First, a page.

I followed a creek down to Slide Lake. (Because Todd was heading back
to Chief Mountain Service, he took a different route down the
mountain.) It was not an easy hike for me. The mountain was steep and
everything was wet and muddy. Down by the lake, and after I got my
tent set up, I decided to hike back for the mosquito dope. I needed
something to do anyway since there was no way I could enjoy myself in
the bad weather. I figured I would get wet, but I would at least keep
warm by walking.
Once I made it out of the park, and across the Reservation dirt
trails, I was tired and my feet were very sore (hiking in wet shoes
was a bad idea). As it turned out, I had walked the entire distance,
twenty miles. Back in the bunkhouse, I rubbed my wrinkled, swollen,
feet and decided to stay there for the night. I soaked my feet in
Epsom salts. There was a lot lying around.
In the morning I got a ride up to where the dirt trail met the
pavement, and then began hiking back to my camp. Walking was painful.
When I reached camp, there was a constant 5 to 15 mph wind blowing in
my face. I sought out the most wind protected spot I could find and
then reset my tent. Under the cover of large boulders and pine trees,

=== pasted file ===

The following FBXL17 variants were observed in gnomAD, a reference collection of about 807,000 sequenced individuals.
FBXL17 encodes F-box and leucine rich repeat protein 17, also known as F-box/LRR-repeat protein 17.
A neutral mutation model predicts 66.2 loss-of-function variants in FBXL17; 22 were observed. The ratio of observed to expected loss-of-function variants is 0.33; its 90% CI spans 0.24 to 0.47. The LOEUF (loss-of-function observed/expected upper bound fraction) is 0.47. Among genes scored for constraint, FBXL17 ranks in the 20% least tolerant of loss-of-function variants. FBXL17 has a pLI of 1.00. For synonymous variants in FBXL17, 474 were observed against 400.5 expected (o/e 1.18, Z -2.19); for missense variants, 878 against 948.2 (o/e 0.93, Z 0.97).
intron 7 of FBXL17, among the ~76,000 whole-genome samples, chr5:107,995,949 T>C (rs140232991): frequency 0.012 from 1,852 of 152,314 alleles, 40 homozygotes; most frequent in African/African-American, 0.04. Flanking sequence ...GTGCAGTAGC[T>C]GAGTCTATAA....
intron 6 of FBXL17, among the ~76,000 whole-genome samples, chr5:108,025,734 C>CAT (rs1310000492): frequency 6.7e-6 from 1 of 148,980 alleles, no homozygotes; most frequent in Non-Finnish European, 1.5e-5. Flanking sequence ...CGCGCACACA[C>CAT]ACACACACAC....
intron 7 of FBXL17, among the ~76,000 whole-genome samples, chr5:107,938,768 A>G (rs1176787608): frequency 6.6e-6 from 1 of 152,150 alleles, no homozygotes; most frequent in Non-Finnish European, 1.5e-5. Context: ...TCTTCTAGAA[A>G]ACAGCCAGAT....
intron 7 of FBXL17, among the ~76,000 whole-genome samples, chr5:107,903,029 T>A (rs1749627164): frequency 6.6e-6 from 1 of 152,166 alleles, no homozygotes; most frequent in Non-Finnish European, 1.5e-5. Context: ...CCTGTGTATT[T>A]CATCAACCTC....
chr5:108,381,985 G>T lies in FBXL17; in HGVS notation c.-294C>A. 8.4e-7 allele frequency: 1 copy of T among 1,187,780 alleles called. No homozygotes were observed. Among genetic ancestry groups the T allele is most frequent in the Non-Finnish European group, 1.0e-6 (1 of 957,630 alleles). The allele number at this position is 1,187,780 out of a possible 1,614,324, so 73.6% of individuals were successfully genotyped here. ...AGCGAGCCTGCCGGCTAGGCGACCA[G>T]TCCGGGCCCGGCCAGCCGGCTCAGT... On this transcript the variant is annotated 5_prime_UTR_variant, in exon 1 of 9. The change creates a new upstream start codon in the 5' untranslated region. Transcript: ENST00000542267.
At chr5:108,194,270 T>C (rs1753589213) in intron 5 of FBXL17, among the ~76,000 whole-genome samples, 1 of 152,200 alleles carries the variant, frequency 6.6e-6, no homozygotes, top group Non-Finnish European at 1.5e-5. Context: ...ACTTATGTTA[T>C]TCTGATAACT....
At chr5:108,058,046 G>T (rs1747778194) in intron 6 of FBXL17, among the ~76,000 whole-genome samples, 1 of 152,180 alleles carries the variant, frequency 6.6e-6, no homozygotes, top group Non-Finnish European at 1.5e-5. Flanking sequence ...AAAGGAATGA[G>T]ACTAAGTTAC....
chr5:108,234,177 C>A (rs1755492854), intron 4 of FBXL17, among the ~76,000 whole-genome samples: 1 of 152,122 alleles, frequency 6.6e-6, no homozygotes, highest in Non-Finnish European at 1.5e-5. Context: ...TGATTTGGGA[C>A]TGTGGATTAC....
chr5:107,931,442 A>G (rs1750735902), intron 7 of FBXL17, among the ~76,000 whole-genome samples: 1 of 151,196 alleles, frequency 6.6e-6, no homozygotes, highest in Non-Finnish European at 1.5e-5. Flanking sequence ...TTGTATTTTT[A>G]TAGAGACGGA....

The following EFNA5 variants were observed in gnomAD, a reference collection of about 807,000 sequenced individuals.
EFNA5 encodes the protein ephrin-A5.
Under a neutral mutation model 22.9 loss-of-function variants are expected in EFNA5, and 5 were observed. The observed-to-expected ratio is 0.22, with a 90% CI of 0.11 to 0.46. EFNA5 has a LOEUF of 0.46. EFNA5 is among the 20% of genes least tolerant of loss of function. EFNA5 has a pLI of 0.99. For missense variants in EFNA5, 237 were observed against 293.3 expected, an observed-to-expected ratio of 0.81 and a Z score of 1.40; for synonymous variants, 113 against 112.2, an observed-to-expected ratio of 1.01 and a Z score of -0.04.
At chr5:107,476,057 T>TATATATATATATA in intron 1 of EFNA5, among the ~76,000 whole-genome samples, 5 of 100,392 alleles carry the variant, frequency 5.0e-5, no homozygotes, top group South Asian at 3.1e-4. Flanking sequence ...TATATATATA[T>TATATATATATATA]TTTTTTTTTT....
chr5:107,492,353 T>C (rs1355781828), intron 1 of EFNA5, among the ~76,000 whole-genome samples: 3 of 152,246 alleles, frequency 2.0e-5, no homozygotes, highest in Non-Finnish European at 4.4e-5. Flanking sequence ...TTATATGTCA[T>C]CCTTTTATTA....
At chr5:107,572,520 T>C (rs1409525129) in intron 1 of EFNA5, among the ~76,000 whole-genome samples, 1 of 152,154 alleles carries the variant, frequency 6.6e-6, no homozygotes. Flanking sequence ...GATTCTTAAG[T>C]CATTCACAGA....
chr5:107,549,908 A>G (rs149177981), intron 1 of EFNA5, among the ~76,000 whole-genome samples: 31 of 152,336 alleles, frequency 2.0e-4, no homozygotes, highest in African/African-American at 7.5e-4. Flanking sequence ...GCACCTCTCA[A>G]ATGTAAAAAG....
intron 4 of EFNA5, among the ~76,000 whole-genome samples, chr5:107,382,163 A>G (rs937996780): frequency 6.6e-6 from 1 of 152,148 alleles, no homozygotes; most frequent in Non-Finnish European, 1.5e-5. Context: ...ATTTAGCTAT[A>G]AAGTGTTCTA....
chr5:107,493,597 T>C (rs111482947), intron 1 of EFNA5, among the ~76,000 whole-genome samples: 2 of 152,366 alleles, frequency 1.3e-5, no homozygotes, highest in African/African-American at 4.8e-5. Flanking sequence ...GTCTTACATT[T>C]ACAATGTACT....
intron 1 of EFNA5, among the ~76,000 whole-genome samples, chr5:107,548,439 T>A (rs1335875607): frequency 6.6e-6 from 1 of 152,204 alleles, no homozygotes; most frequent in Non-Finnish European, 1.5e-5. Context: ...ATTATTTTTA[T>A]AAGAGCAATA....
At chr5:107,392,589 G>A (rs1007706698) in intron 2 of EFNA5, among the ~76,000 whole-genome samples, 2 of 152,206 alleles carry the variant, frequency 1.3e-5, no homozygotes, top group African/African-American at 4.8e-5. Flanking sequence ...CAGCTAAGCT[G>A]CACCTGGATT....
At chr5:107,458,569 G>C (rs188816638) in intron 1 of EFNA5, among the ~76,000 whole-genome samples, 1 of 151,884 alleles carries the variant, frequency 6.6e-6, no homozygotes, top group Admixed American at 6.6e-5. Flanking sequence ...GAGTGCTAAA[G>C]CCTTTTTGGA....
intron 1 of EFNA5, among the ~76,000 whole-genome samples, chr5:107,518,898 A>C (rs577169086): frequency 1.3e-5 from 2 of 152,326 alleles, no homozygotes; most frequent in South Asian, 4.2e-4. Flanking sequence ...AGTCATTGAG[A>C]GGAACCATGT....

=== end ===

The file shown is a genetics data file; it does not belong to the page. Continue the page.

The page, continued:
I was out of the wind except for when it came rushing down from the
mountain and out onto the lake. I spent the rest of the day lying in
my tent listening to the wind’s constant howl and resting my sore feet.
The wind persisted on the following day. It was a little better,
though. The sun broke through the clouds a couple times. I met some
backpackers who had hiked in from the Glacier side of the mountain.
Harvey, his wife Pat, and their son, Matthew, wanted to try fishing
Slide Lake. They were surprised to find me camping there. The weather
was bad, and Slide Lake, on the very edge of Glacier, was off the main
trails. I was surprised to see them also. As it turned out, I was very
happy they showed up. At dinner, Harvey shared his catch of trout with
me, and as we were sitting around the campfire, I helped him empty his
bottle of Blueberry Brandy. These people, for me, became the bright
light in the otherwise very dark day in Glacier National Park. After
breakfast the next morning, they hiked back into the main part of the
From day one in Glacier, and every day since (nine days and counting)
it has rained on me. Last night it rained, and today (as I write) a
storm is brewing. I hope my tent holds. Glacier is beautiful, but I am
so tired of the rain. It is impossible to enjoy this place in this
weather. The thing that is bothering me even more than the rain,
though, is the wind’s constant howl; it is driving me mad.